Pupil, 'Neither are wanted.' [the next bit of what he said was all him] 'That's why we can use the word 'slag' when we talk about Curley's wife. She's a reject, not wanted by anyone.'

If I was sat on a chair, I would have fallen off it. 

3.From an agitated to an amiable Cobra

Another pupil joined in the conversation, I'll get to it shortly.  In Year 9 this lad could not cope with putting pen to paper; he was crippled by fear of failure; convinced he needed a TA to write for him (he doesn't) and that he was stupid (he isn't).  Consequently, he had a huge range of work avoidance tactics at his disposal, and the attention span of a gnat who had just consumed some Red Bull. 

Pupil, 'Oh yes, slag. Do you remember Lady Macbeth and 'Is this a dagger I see before me?' 
Me, 'Good grief, you just spontaneously quoted Shakespeare at me!'

Now that may not seem that profound, but are Lady Macbeth and Curley's wife that far removed from each other? Had I even instigated the conversation? Had I led them into that thought? No. It is a leap of thought, or faith, that reminds me the moment in 'Indiana Jones and the Temple of Doom' when he has to make the leap of faith, to put his foot in a seemingly non-existent bridge,  so that he can make progress towards his prize. 

At the end of this lesson this same pupil asked to take his book home so he could practise writing about the characters emotions in Chapter 5, telling me he really wants to do well in his Controlled Assessment. 

How do you charm snakes?

Hmmm, we must be all of these things in the classroom: 
Fair, calm, consistent, persistent, creative, ambitious, hopeful, optimistic, enthusiastic, in every respect stubborn, positive, encouraging, funny, caring, maternal (or paternal), stern, charming and never, ever, ever let them say, 'I can't do it.' Their self-esteem is already crushingly low, teach them self-belief equally with the course content.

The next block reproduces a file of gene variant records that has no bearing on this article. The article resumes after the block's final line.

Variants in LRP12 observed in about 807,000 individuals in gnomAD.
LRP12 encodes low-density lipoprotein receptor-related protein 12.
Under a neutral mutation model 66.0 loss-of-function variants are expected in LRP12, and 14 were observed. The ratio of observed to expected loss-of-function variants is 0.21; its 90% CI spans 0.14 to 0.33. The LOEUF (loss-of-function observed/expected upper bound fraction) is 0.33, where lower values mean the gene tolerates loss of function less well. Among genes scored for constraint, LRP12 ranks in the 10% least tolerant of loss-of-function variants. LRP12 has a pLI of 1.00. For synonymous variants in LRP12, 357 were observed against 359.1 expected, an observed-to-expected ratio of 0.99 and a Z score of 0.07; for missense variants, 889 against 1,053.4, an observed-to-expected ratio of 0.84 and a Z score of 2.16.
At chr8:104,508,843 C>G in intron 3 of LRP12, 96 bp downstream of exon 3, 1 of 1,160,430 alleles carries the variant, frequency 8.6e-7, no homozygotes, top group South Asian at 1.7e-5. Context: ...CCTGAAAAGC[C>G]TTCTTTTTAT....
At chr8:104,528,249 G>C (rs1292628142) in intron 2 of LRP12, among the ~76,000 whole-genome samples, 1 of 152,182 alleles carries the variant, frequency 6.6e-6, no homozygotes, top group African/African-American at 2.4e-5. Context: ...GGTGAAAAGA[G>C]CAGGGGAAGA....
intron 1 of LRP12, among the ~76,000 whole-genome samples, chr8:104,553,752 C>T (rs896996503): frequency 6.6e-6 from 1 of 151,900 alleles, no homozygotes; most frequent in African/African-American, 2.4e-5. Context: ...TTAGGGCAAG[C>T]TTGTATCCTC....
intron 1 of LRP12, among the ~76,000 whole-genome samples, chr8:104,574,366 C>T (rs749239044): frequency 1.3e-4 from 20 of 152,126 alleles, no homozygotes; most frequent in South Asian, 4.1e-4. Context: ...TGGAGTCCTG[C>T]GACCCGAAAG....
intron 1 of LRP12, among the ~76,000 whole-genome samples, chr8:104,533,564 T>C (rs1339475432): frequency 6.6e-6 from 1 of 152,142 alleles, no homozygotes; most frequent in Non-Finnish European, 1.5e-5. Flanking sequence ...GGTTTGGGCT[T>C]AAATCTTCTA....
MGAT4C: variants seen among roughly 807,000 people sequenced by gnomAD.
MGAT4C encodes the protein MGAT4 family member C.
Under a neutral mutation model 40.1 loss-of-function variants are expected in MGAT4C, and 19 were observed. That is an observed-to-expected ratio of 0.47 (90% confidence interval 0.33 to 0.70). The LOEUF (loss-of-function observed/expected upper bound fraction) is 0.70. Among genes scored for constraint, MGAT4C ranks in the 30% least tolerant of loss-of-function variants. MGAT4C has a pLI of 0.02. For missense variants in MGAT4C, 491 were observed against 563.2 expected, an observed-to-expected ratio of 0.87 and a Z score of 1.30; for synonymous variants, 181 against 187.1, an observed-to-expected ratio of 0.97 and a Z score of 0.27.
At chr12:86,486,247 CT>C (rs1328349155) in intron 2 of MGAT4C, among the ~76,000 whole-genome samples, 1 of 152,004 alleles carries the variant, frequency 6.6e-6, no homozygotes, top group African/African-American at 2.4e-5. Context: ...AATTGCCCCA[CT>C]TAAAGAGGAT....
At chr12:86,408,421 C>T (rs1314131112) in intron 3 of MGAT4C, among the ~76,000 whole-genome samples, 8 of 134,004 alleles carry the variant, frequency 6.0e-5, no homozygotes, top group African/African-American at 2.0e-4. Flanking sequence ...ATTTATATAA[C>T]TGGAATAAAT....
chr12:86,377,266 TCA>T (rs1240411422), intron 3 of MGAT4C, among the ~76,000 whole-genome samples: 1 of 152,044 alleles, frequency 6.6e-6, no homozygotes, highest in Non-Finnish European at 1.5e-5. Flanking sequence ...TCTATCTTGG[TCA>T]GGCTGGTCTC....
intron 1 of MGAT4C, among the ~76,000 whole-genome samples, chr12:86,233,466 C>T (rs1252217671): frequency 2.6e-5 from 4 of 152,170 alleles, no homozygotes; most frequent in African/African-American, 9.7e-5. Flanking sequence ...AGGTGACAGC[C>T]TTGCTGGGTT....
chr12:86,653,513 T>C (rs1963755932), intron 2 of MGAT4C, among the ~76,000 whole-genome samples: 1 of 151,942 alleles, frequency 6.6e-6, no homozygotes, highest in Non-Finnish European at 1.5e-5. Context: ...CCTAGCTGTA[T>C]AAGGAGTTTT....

Out of the classroom: make positive phone calls home and send post-cards of praise for those doing well that week. You'll need to make some not so positive phone calls home too, but keep negatives down to a minimum. Sadly, these kids are all too familiar with negative attention from adults. 

Plan as well as you can but be prepared to adapt and think on the hoof frequently.  If they are just not getting it, find a different angle and go again. 

You can't go far wrong with stickers and sweets...although not necessarily at the same time, it could get messy. 

Oh and drink wine...or real ale, or vodka and coke, whatever your happy weekend juice is. Maybe even drink wine and tweet your tweacher buddies at the same time, you could be in for an amusing and morale boosting evening.